He went to the ER in Taiwan, then his "Horrors of Socialized Medicine" post went viral.

We all know that Americans pay more for healthcare than every other country in the world. But how much more?

According an American expatriate who shared the story of his ER visit in a Taiwanese hospital, Americans are being taken to the cleaners when we go to the doctor. We live in a country that claims to be the greatest in the world, but where an emergency trip to the hospital can easily bankrupt someone.

Kevin Bozeat had that fact in mind when he fell ill while living in Taiwan and needed to go to the hospital. He didn't have insurance and he had no idea how much it was going to cost him. He shared the experience in a now-viral Facebook post he called "The Horrors of Socialized Medicine: A first hand experience."


Bozeat started vomiting one evening and couldn't stop, unable to even keep water down. "My symptoms showed no signs of abating," he wrote. "At this point I had to seek medical treatment, I knew I had to go to the hospital."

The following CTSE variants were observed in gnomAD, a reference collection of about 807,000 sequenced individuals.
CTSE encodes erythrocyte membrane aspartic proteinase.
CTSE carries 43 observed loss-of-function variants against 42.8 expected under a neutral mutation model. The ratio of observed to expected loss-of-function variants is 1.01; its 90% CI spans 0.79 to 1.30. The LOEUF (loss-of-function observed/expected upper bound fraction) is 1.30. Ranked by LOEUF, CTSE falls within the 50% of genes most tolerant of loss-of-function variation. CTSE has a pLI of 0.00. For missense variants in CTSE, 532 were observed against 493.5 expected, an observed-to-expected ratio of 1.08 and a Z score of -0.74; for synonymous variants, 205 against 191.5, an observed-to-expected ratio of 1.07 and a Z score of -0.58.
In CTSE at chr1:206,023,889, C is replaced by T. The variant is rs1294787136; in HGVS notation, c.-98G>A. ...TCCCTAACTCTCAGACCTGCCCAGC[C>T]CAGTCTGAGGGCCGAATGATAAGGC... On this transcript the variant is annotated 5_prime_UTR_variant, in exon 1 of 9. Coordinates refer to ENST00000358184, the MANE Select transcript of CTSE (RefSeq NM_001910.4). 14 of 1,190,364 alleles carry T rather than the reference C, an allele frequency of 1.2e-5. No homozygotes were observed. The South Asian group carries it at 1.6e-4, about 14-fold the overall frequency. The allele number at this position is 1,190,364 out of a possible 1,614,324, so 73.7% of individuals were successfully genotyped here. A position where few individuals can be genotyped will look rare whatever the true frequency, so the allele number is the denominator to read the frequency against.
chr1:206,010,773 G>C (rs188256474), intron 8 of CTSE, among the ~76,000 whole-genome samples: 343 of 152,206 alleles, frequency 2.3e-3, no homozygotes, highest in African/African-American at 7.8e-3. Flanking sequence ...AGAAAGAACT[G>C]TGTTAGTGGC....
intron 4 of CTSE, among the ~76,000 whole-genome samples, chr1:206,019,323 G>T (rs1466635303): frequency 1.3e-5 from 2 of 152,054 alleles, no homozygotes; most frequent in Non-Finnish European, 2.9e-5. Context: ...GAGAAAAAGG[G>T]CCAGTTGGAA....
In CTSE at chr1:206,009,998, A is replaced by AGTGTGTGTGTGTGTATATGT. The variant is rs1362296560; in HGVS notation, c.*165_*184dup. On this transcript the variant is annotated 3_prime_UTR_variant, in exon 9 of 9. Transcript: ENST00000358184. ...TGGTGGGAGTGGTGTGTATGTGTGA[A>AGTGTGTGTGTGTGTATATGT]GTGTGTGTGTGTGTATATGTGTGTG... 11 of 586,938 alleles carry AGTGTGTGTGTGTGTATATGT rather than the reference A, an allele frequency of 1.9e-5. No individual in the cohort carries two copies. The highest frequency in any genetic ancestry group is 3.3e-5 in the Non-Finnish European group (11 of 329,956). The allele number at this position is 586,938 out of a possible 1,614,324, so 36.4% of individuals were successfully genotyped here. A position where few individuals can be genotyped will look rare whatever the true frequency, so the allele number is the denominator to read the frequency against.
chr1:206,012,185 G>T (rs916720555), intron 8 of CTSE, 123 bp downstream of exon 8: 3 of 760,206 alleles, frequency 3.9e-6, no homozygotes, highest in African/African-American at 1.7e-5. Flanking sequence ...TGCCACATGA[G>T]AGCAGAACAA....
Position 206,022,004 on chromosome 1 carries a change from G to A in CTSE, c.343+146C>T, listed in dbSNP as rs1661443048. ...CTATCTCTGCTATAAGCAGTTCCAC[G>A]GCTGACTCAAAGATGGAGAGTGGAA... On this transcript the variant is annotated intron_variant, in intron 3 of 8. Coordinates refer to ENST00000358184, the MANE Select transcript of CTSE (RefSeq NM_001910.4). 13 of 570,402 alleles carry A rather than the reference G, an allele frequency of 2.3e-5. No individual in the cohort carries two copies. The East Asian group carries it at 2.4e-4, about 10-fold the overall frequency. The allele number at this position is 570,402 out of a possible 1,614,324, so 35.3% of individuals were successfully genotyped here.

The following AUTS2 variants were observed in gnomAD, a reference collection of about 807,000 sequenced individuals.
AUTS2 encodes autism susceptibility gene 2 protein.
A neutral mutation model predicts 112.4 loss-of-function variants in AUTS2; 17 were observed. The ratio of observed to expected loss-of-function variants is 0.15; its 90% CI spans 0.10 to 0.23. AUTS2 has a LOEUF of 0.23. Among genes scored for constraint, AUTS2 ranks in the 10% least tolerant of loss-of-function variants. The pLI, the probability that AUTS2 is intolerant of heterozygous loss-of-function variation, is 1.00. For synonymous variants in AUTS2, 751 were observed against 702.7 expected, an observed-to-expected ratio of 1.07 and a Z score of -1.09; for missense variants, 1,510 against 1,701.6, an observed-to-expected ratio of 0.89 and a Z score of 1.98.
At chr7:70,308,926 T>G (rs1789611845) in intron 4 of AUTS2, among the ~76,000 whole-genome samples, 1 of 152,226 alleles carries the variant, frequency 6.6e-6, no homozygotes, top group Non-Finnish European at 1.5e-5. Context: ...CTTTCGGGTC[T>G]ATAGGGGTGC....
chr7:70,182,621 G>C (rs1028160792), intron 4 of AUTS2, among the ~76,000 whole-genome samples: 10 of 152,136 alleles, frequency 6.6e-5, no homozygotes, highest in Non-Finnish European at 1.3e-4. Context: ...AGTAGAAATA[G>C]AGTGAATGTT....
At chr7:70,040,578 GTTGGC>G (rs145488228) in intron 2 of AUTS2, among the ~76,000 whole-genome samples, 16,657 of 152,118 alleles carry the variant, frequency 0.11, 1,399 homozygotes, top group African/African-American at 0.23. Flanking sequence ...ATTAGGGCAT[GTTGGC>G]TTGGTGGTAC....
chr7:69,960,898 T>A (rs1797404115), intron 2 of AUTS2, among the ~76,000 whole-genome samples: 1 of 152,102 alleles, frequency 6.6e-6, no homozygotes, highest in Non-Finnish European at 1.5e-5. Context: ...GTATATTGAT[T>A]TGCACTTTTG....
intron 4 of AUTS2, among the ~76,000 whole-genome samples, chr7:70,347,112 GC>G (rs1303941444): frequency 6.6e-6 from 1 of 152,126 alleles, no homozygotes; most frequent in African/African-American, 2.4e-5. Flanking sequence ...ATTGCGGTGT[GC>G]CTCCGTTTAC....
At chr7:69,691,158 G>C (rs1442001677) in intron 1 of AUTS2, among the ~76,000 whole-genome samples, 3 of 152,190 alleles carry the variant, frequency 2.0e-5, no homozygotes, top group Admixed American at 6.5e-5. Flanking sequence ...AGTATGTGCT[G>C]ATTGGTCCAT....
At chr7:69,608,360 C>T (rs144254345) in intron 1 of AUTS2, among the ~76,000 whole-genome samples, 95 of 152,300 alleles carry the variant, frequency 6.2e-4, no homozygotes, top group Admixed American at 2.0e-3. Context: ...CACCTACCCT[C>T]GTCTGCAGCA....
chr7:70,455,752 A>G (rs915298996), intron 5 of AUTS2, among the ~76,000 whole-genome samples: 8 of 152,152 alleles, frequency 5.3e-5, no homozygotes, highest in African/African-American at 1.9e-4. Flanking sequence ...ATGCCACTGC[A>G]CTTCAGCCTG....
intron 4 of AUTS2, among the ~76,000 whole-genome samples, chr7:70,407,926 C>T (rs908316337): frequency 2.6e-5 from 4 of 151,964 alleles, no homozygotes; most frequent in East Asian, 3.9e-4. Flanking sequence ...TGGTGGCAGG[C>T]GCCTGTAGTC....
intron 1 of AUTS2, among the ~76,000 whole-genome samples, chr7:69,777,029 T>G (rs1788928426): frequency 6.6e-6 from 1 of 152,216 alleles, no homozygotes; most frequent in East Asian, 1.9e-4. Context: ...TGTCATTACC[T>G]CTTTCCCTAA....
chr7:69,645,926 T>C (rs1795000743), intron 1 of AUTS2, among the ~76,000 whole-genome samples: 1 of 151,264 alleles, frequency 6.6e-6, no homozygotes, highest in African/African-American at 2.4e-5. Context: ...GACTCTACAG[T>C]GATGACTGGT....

"I wanted to avoid it," he added. "I had no idea how different Taiwanese hospitals would be, whether I would be able to find an English speaking doctor, or what it would cost me (my US health insurance has lapsed and I don't qualify for Taiwanese NHI)."

Taiwan's National Health Insurance (NHI) is a single-payer system that covers all residents of Taiwan. Foreigners can take part in the system immediately upon obtaining a work permit, or after six months of living in the country. Bozeat was a student and hadn't lived there long enough to be eligible yet.

But he needn't have worried.

Bozeat's bill for his entire hospital stay was a fraction of many insured American's copays for emergency services.

And it's not like he received substandard service for what he paid.